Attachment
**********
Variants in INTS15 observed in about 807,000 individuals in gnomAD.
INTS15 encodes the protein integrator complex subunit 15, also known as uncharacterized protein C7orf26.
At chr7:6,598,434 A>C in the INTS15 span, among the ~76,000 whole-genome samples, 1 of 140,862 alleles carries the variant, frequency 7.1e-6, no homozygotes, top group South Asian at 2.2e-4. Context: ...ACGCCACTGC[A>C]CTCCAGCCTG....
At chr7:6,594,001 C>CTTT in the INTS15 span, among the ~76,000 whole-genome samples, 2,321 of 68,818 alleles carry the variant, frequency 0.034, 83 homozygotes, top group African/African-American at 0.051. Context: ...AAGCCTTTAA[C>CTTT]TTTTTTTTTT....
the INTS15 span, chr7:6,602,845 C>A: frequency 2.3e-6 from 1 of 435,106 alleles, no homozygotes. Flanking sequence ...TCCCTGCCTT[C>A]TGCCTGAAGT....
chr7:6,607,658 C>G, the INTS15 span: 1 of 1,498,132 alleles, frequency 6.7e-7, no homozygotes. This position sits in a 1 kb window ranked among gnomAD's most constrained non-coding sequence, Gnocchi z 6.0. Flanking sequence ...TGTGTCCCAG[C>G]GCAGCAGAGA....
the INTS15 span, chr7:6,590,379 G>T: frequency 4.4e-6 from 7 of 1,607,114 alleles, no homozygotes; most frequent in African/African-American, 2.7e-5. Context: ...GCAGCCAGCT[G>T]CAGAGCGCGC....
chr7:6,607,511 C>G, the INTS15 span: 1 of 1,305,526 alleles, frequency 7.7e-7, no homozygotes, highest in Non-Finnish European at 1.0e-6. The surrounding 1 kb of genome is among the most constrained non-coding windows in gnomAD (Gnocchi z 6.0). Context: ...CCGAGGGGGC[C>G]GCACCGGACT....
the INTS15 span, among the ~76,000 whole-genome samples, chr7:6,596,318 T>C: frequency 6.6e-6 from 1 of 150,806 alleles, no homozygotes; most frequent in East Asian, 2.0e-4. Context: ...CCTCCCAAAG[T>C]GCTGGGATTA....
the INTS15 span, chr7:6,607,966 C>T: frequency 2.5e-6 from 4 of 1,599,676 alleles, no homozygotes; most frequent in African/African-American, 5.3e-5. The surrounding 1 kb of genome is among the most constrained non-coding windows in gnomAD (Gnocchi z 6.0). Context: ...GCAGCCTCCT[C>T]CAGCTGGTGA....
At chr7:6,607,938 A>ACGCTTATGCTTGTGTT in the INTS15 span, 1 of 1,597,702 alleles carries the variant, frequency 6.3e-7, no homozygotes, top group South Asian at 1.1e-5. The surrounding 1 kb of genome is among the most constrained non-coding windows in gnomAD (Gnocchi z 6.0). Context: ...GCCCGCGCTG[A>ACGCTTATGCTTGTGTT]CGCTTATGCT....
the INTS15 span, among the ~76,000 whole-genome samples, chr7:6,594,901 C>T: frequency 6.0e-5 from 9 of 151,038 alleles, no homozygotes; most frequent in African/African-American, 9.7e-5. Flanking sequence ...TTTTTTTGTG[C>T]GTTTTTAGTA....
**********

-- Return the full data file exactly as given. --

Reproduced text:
Variants in INTS15 observed in about 807,000 individuals in gnomAD.
INTS15 encodes the protein integrator complex subunit 15, also known as uncharacterized protein C7orf26.
At chr7:6,598,434 A>C in the INTS15 span, among the ~76,000 whole-genome samples, 1 of 140,862 alleles carries the variant, frequency 7.1e-6, no homozygotes, top group South Asian at 2.2e-4. Context: ...ACGCCACTGC[A>C]CTCCAGCCTG....
At chr7:6,594,001 C>CTTT in the INTS15 span, among the ~76,000 whole-genome samples, 2,321 of 68,818 alleles carry the variant, frequency 0.034, 83 homozygotes, top group African/African-American at 0.051. Context: ...AAGCCTTTAA[C>CTTT]TTTTTTTTTT....
the INTS15 span, chr7:6,602,845 C>A: frequency 2.3e-6 from 1 of 435,106 alleles, no homozygotes. Flanking sequence ...TCCCTGCCTT[C>A]TGCCTGAAGT....
chr7:6,607,658 C>G, the INTS15 span: 1 of 1,498,132 alleles, frequency 6.7e-7, no homozygotes. This position sits in a 1 kb window ranked among gnomAD's most constrained non-coding sequence, Gnocchi z 6.0. Flanking sequence ...TGTGTCCCAG[C>G]GCAGCAGAGA....
the INTS15 span, chr7:6,590,379 G>T: frequency 4.4e-6 from 7 of 1,607,114 alleles, no homozygotes; most frequent in African/African-American, 2.7e-5. Context: ...GCAGCCAGCT[G>T]CAGAGCGCGC....
chr7:6,607,511 C>G, the INTS15 span: 1 of 1,305,526 alleles, frequency 7.7e-7, no homozygotes, highest in Non-Finnish European at 1.0e-6. The surrounding 1 kb of genome is among the most constrained non-coding windows in gnomAD (Gnocchi z 6.0). Context: ...CCGAGGGGGC[C>G]GCACCGGACT....
the INTS15 span, among the ~76,000 whole-genome samples, chr7:6,596,318 T>C: frequency 6.6e-6 from 1 of 150,806 alleles, no homozygotes; most frequent in East Asian, 2.0e-4. Context: ...CCTCCCAAAG[T>C]GCTGGGATTA....
the INTS15 span, chr7:6,607,966 C>T: frequency 2.5e-6 from 4 of 1,599,676 alleles, no homozygotes; most frequent in African/African-American, 5.3e-5. The surrounding 1 kb of genome is among the most constrained non-coding windows in gnomAD (Gnocchi z 6.0). Context: ...GCAGCCTCCT[C>T]CAGCTGGTGA....
At chr7:6,607,938 A>ACGCTTATGCTTGTGTT in the INTS15 span, 1 of 1,597,702 alleles carries the variant, frequency 6.3e-7, no homozygotes, top group South Asian at 1.1e-5. The surrounding 1 kb of genome is among the most constrained non-coding windows in gnomAD (Gnocchi z 6.0). Context: ...GCCCGCGCTG[A>ACGCTTATGCTTGTGTT]CGCTTATGCT....
the INTS15 span, among the ~76,000 whole-genome samples, chr7:6,594,901 C>T: frequency 6.0e-5 from 9 of 151,038 alleles, no homozygotes; most frequent in African/African-American, 9.7e-5. Flanking sequence ...TTTTTTTGTG[C>T]GTTTTTAGTA....